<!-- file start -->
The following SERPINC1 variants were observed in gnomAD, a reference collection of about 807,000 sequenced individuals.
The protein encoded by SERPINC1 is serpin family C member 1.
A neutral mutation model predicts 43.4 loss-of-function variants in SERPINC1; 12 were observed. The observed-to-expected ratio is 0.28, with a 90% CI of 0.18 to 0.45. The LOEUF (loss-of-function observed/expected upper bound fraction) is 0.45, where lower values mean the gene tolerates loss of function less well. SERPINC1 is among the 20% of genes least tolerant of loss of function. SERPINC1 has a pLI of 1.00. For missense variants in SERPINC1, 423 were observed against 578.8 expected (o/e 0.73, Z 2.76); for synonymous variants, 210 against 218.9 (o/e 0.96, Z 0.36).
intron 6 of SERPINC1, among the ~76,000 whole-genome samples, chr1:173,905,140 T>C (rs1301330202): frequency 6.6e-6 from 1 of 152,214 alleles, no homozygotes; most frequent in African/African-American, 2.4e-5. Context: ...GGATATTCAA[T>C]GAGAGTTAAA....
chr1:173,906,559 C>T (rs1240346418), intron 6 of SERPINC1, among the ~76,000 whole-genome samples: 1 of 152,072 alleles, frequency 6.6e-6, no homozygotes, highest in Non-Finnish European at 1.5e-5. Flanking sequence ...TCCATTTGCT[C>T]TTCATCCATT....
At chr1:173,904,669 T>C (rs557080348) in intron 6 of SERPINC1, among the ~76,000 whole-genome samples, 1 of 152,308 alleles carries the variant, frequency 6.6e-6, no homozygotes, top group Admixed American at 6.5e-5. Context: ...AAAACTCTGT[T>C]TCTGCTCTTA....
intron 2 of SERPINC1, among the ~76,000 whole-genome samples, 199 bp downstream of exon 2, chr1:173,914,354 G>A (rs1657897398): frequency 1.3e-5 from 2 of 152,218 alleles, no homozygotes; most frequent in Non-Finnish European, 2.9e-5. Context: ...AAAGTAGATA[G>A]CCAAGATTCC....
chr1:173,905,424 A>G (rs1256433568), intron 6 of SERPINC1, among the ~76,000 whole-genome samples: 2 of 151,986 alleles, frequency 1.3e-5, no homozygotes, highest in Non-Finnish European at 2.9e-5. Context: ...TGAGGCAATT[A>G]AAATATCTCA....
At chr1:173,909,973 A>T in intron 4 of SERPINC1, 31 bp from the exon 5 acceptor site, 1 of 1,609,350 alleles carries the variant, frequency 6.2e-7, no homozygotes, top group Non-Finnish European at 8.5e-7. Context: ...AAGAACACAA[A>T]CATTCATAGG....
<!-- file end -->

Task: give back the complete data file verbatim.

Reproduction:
The following SERPINC1 variants were observed in gnomAD, a reference collection of about 807,000 sequenced individuals.
The protein encoded by SERPINC1 is serpin family C member 1.
A neutral mutation model predicts 43.4 loss-of-function variants in SERPINC1; 12 were observed. The observed-to-expected ratio is 0.28, with a 90% CI of 0.18 to 0.45. The LOEUF (loss-of-function observed/expected upper bound fraction) is 0.45, where lower values mean the gene tolerates loss of function less well. SERPINC1 is among the 20% of genes least tolerant of loss of function. SERPINC1 has a pLI of 1.00. For missense variants in SERPINC1, 423 were observed against 578.8 expected (o/e 0.73, Z 2.76); for synonymous variants, 210 against 218.9 (o/e 0.96, Z 0.36).
intron 6 of SERPINC1, among the ~76,000 whole-genome samples, chr1:173,905,140 T>C (rs1301330202): frequency 6.6e-6 from 1 of 152,214 alleles, no homozygotes; most frequent in African/African-American, 2.4e-5. Context: ...GGATATTCAA[T>C]GAGAGTTAAA....
chr1:173,906,559 C>T (rs1240346418), intron 6 of SERPINC1, among the ~76,000 whole-genome samples: 1 of 152,072 alleles, frequency 6.6e-6, no homozygotes, highest in Non-Finnish European at 1.5e-5. Flanking sequence ...TCCATTTGCT[C>T]TTCATCCATT....
At chr1:173,904,669 T>C (rs557080348) in intron 6 of SERPINC1, among the ~76,000 whole-genome samples, 1 of 152,308 alleles carries the variant, frequency 6.6e-6, no homozygotes, top group Admixed American at 6.5e-5. Context: ...AAAACTCTGT[T>C]TCTGCTCTTA....
intron 2 of SERPINC1, among the ~76,000 whole-genome samples, 199 bp downstream of exon 2, chr1:173,914,354 G>A (rs1657897398): frequency 1.3e-5 from 2 of 152,218 alleles, no homozygotes; most frequent in Non-Finnish European, 2.9e-5. Context: ...AAAGTAGATA[G>A]CCAAGATTCC....
chr1:173,905,424 A>G (rs1256433568), intron 6 of SERPINC1, among the ~76,000 whole-genome samples: 2 of 151,986 alleles, frequency 1.3e-5, no homozygotes, highest in Non-Finnish European at 2.9e-5. Context: ...TGAGGCAATT[A>G]AAATATCTCA....
At chr1:173,909,973 A>T in intron 4 of SERPINC1, 31 bp from the exon 5 acceptor site, 1 of 1,609,350 alleles carries the variant, frequency 6.2e-7, no homozygotes, top group Non-Finnish European at 8.5e-7. Context: ...AAGAACACAA[A>T]CATTCATAGG....